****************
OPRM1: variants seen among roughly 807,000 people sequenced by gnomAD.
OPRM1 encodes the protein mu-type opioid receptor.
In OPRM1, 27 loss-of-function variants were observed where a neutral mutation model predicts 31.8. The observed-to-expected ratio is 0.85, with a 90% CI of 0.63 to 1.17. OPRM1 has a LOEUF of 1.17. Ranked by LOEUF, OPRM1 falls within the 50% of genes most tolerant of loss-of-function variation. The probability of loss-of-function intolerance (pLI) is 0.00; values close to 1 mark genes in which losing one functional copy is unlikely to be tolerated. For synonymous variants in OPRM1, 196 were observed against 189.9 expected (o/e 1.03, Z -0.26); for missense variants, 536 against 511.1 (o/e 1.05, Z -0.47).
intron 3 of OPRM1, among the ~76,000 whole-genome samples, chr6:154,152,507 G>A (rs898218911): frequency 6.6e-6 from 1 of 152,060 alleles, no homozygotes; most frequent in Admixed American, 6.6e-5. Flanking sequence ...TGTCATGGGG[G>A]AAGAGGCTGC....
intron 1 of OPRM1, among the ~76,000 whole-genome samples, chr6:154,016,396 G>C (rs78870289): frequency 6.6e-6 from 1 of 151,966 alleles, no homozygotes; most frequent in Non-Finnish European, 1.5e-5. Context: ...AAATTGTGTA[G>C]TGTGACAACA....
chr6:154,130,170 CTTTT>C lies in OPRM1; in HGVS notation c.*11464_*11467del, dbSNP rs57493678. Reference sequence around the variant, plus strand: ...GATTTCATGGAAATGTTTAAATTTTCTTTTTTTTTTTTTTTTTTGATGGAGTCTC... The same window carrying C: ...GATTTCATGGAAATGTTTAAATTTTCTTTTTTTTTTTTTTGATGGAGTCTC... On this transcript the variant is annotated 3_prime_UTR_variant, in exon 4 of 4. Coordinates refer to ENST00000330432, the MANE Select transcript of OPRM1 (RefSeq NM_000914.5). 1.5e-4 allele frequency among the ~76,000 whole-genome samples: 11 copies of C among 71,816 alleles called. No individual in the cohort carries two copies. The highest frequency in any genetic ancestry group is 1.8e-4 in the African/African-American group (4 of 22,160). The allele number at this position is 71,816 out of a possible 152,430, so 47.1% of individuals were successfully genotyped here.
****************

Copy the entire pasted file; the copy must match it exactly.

OPRM1: variants seen among roughly 807,000 people sequenced by gnomAD.
OPRM1 encodes the protein mu-type opioid receptor.
In OPRM1, 27 loss-of-function variants were observed where a neutral mutation model predicts 31.8. The observed-to-expected ratio is 0.85, with a 90% CI of 0.63 to 1.17. OPRM1 has a LOEUF of 1.17. Ranked by LOEUF, OPRM1 falls within the 50% of genes most tolerant of loss-of-function variation. The probability of loss-of-function intolerance (pLI) is 0.00; values close to 1 mark genes in which losing one functional copy is unlikely to be tolerated. For synonymous variants in OPRM1, 196 were observed against 189.9 expected (o/e 1.03, Z -0.26); for missense variants, 536 against 511.1 (o/e 1.05, Z -0.47).
intron 3 of OPRM1, among the ~76,000 whole-genome samples, chr6:154,152,507 G>A (rs898218911): frequency 6.6e-6 from 1 of 152,060 alleles, no homozygotes; most frequent in Admixed American, 6.6e-5. Flanking sequence ...TGTCATGGGG[G>A]AAGAGGCTGC....
intron 1 of OPRM1, among the ~76,000 whole-genome samples, chr6:154,016,396 G>C (rs78870289): frequency 6.6e-6 from 1 of 151,966 alleles, no homozygotes; most frequent in Non-Finnish European, 1.5e-5. Context: ...AAATTGTGTA[G>C]TGTGACAACA....
chr6:154,130,170 CTTTT>C lies in OPRM1; in HGVS notation c.*11464_*11467del, dbSNP rs57493678. Reference sequence around the variant, plus strand: ...GATTTCATGGAAATGTTTAAATTTTCTTTTTTTTTTTTTTTTTTGATGGAGTCTC... The same window carrying C: ...GATTTCATGGAAATGTTTAAATTTTCTTTTTTTTTTTTTTGATGGAGTCTC... On this transcript the variant is annotated 3_prime_UTR_variant, in exon 4 of 4. Coordinates refer to ENST00000330432, the MANE Select transcript of OPRM1 (RefSeq NM_000914.5). 1.5e-4 allele frequency among the ~76,000 whole-genome samples: 11 copies of C among 71,816 alleles called. No individual in the cohort carries two copies. The highest frequency in any genetic ancestry group is 1.8e-4 in the African/African-American group (4 of 22,160). The allele number at this position is 71,816 out of a possible 152,430, so 47.1% of individuals were successfully genotyped here.